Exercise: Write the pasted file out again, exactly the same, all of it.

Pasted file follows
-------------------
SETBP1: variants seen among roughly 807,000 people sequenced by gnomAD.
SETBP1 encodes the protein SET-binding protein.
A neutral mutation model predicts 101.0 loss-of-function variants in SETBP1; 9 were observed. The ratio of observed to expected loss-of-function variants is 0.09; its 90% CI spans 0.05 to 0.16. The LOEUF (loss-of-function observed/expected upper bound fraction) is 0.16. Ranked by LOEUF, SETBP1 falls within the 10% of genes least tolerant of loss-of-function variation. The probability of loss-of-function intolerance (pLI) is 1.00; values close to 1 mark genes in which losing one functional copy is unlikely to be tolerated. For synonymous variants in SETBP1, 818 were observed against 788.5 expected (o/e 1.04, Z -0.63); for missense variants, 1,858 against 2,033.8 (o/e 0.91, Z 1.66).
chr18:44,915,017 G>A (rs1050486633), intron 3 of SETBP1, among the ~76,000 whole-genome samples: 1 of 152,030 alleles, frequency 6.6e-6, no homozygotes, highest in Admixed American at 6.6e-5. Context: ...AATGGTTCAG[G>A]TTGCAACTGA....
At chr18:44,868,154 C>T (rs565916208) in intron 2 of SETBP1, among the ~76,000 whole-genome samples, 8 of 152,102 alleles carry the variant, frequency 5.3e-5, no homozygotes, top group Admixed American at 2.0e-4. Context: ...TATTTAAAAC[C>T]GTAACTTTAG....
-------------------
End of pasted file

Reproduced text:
SETBP1: variants seen among roughly 807,000 people sequenced by gnomAD.
SETBP1 encodes the protein SET-binding protein.
A neutral mutation model predicts 101.0 loss-of-function variants in SETBP1; 9 were observed. The ratio of observed to expected loss-of-function variants is 0.09; its 90% CI spans 0.05 to 0.16. The LOEUF (loss-of-function observed/expected upper bound fraction) is 0.16. Ranked by LOEUF, SETBP1 falls within the 10% of genes least tolerant of loss-of-function variation. The probability of loss-of-function intolerance (pLI) is 1.00; values close to 1 mark genes in which losing one functional copy is unlikely to be tolerated. For synonymous variants in SETBP1, 818 were observed against 788.5 expected (o/e 1.04, Z -0.63); for missense variants, 1,858 against 2,033.8 (o/e 0.91, Z 1.66).
chr18:44,915,017 G>A (rs1050486633), intron 3 of SETBP1, among the ~76,000 whole-genome samples: 1 of 152,030 alleles, frequency 6.6e-6, no homozygotes, highest in Admixed American at 6.6e-5. Context: ...AATGGTTCAG[G>A]TTGCAACTGA....
At chr18:44,868,154 C>T (rs565916208) in intron 2 of SETBP1, among the ~76,000 whole-genome samples, 8 of 152,102 alleles carry the variant, frequency 5.3e-5, no homozygotes, top group Admixed American at 2.0e-4. Context: ...TATTTAAAAC[C>T]GTAACTTTAG....